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2015 beacon-metagenome-tutorial

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2015 beacon-metagenome-tutorial

  1. 1. Shotgun metagenomics C. Titus Brown UC Davis / School of Veterinary Medicine ctbrown@ucdavis.edu
  2. 2. Shotgun metagenomics • Collect samples; • Extract DNA; • Feed into sequencer; • Computationally analyze. Wikipedia: Environmental shotgun sequencing.png
  3. 3. Computational protocol for assembly
  4. 4. Genome assembly works pretty well Velvet IDBA Spades Quality Quality Quality Total length (>= 0 bp) 1.6E+08 2.0E+08 2.0E+08 Total length (>= 1000 bp) 1.6E+08 1.9E+08 1.9E+08 Largest contig 561,449 979,948 1,387,918 # misassembled contigs 631 1032 752 Genome fraction (%) 72.949 90.969 90.424 Duplication ratio 1.004 1.007 1.004 Conclusion: SPAdes and IDBA achieve similar results. Dr. Sherine Awad
  5. 5. Evaluating short-read data / coverage plots Assembly starts to work @ ~10x
  6. 6. What’s coming? Lots more data.
  7. 7. Who ya gonna call?? …to do your bioinformatics?
  8. 8. Topics to explore - • Experimental design to enable good data analysis. • Extracting whole genomes and evaluating strain variation. • Technology review and open problems. • Assembly graphs. • Long reads and infinite sequencing – what next? Or just a Q&A. I can talk for 90 minutes straight, too, but I’d rather not.
  9. 9. Assembly graphs.Assembly “graphs” are a way of representing sequencing data that retains all variation; assemblers then crunch this down into a single sequence. Image from Iqbal et al., 2012. PMID 23172865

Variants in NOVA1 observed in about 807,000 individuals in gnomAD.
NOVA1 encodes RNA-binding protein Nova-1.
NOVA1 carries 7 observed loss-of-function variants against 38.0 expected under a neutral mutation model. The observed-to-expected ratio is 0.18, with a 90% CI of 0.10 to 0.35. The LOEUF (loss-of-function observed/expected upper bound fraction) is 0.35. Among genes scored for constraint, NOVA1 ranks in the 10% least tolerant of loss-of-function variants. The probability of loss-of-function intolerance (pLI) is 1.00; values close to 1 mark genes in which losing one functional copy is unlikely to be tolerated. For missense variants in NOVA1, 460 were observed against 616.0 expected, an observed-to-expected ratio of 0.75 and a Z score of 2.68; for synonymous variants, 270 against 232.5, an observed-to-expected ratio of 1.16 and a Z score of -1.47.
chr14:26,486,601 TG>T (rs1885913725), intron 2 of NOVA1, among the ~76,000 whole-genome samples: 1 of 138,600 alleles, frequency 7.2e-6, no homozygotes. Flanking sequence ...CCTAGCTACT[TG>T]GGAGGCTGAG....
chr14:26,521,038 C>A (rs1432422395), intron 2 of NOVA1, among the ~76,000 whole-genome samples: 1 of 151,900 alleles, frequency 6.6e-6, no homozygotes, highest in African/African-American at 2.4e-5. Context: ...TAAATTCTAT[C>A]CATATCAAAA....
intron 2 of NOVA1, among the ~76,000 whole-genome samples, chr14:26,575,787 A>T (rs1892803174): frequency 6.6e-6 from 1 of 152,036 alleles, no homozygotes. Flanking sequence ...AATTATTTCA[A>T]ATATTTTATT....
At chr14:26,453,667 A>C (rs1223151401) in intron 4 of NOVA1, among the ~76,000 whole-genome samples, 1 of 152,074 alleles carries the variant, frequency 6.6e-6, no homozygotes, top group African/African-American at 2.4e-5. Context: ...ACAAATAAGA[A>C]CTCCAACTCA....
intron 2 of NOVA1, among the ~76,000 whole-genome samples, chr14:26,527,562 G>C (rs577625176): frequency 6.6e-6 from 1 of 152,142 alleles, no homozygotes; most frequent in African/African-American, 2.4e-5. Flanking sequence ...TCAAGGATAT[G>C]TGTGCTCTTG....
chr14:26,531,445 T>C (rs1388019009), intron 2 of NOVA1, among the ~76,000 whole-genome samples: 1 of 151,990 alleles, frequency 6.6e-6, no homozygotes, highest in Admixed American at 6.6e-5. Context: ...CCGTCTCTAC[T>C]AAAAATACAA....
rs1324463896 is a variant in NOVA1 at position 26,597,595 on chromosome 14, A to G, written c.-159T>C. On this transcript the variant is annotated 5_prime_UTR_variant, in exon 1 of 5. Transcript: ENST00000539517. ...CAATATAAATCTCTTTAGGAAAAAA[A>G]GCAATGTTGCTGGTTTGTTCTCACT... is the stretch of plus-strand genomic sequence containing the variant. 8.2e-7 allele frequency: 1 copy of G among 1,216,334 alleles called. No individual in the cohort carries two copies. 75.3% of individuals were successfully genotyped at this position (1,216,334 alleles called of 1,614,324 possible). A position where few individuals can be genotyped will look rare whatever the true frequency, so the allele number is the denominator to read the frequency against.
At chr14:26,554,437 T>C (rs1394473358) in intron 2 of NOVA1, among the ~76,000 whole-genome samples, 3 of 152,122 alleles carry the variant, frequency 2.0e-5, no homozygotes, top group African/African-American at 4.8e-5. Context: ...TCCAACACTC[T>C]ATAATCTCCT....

10. 10. Long read sequencing See: http://angus.readthedocs.org/en/2015/_static/Torsten _Seemann_LRS.pdf & nanopore etc.
  11. 11. Intro, overview, and case studies
  12. 12. Shotgun metagenomics • Collect samples; • Extract DNA; • Feed into sequencer; • Computationally analyze. Wikipedia: Environmental shotgun sequencing.png
  13. 13. FASTQ etc. @SRR606249.17/1 GAGTATGTTCTCATAGAGGTTGGTANNNNT + B@BDDFFFHHHHHJIJJJJGHIJHJ####1 @SRR606249.17/2 CGAANNNNNNNNNNNNNNNNNCCTGGCTCA + CCCF#################22@GHIJJJ Name Quality score Note: /1 and /2 => interleaved
  14. 14. Shotgun sequencing & assembly Randomly fragment & sequence from DNA; reassemble computationally. UMD assembly primer (cbcb.umd.edu)
  15. 15. Dealing with shotgun metagenome reads. 1) Annotate/analyze individual reads. 1) Assemble reads into contigs, genomes, etc.
  16. 16. Annotating individual reads • Works really well when you have EITHER o (a) evolutionarily close references o (b) rather long sequences (This is obvious, right?)
  17. 17. Annotating individual reads #2 • We have found that this does not work well with Illumina samples from unexplored environments (e.g. soil). • Sensitivity is fine (correct match is usually there) • Specificity is bad (correct match may be drowned out by incorrect matches)
  18. 18. Assembly: good. Howe et al., 2014, PMID 24632729 Assemblies yield much more significant homology matches.
  19. 19. Recommendation: For reads < 200-300 bp, • Annotate individual reads for human- associated samples, or exploration of well- studied systems. • Otherwise, look to assembly.
  20. 20. So, why assemble? • Increase your ability to assign homology/orthology correctly!! Essentially all functional annotation systems depend on sequence similarity to assign homology. This is why you want to assemble your data.
  21. 21. Why else would you want to assemble? • Assemble new “reference”. • Look for large-scale variation from reference – pathogenicity islands, etc. • Discriminate between different members of gene families. • Discover operon assemblages & annotate on co-incidence of genes. • Reduce size of data!!
  22. 22. Why don’t you want to assemble?? • Abundance threshold – low-coverage filter. • Strain variation • Chimerism
  23. 23. Assembly, in general
  24. 24. Short read lengths are hard. Whiteford et al., Nuc. Acid Res, 2005